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As US Officials Blame Iraq for Anthrax, a Look at US and Western Support for Iraq's Biological and Chemical Weapons Program and for Iraq's Invasion of Iran

October 22, 2001
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The anthrax scare is expanding, and hardliners in the Bush Administration are using the threat to press for expanding the so-called war on terrorism to include Iraq.

Last week, government officials reported that the form of anthrax sent to Senator Tom Daschle was in highly potent form, capable of transmitting undetected through the air.

President Bush is in Shanghai in an attempt to shore up support for the U.S. war in Afghanistan. At a joint news conference, President Jiang said the U.S. air war in Afghanistan must be aimed at clearly defined targets to "avoid innocent casualties." President Bush said afterwards "President Jiang and the government stand side by side with the American people as we fight this evil force."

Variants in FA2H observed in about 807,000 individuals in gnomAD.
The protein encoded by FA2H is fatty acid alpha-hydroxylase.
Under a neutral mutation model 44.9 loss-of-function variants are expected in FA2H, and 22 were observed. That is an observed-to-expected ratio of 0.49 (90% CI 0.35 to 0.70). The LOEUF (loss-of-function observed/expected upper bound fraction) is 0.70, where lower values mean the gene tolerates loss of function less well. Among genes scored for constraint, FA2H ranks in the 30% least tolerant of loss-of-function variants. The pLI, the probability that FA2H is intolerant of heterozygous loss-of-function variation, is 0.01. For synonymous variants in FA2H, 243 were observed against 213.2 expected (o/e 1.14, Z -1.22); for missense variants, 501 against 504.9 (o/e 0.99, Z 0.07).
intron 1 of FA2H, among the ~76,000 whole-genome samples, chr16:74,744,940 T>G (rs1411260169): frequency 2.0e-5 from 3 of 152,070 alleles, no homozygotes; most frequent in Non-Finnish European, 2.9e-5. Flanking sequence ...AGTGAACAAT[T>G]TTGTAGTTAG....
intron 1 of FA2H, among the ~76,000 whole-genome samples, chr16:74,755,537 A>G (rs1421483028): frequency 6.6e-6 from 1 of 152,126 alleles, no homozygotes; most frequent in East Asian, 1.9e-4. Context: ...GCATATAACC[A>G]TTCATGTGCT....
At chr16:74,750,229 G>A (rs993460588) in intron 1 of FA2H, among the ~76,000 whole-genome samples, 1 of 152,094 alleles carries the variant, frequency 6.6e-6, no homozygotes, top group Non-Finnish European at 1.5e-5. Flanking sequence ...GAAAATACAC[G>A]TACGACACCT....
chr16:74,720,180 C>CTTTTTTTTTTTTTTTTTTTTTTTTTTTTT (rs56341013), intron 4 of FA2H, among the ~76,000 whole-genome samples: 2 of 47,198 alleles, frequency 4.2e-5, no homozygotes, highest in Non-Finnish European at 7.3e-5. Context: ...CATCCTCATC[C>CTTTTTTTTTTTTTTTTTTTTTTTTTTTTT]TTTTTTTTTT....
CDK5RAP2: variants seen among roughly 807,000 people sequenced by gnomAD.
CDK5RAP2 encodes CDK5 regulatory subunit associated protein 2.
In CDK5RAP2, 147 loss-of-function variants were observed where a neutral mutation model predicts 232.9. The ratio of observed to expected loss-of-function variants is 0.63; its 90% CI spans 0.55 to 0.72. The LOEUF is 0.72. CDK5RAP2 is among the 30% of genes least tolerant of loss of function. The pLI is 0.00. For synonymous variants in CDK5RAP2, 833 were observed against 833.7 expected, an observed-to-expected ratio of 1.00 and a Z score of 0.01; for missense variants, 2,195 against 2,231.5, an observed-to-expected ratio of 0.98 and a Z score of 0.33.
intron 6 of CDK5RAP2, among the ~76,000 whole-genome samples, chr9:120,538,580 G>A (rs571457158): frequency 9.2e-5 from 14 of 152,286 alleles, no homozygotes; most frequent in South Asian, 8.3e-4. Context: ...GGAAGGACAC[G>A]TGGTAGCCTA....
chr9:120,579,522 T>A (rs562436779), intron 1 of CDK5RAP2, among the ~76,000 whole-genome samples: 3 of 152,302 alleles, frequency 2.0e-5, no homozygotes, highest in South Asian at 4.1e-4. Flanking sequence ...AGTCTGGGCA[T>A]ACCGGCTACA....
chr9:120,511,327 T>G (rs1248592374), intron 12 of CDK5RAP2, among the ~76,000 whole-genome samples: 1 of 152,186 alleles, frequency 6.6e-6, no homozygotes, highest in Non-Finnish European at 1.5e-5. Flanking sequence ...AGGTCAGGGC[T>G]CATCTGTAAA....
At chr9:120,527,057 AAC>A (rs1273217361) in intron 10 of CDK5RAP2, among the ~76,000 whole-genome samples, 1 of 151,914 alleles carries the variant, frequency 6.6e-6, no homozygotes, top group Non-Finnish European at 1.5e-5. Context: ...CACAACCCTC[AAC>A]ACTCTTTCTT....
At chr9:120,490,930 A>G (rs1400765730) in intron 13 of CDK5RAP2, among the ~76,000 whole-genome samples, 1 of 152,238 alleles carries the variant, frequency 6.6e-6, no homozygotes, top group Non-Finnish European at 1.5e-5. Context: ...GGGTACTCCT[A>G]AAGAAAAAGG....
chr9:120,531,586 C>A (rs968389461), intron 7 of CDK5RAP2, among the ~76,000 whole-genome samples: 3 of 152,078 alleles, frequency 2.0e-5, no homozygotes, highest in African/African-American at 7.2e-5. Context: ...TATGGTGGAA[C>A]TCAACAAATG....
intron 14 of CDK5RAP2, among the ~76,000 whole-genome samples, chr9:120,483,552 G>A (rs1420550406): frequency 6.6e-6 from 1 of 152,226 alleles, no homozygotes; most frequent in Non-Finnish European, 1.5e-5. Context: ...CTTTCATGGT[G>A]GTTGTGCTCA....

This means that whoever is responsible has access to considerable scientific expertise. Producing germs that can spread as a mist has been the main technical challenge facing biological weapons programs throughout the 20th century.

But intelligence sources involved with the CIA and the Defense Department are taking a step further, claiming that the technical expertise suggests a state sponsor, and naming Iraq as a prime suspect.

And everyone from hawks in the Bush Administration to Congressional Democrats are publicizing the claim, shoring up support for a possible attack on Iraq.

Guests:

  • Edward Peck, former Ambassador to Iraq
  • John Tirman, Social Science Research Council, author of Spoils of War: The Human Cost of America’s Arms Trade

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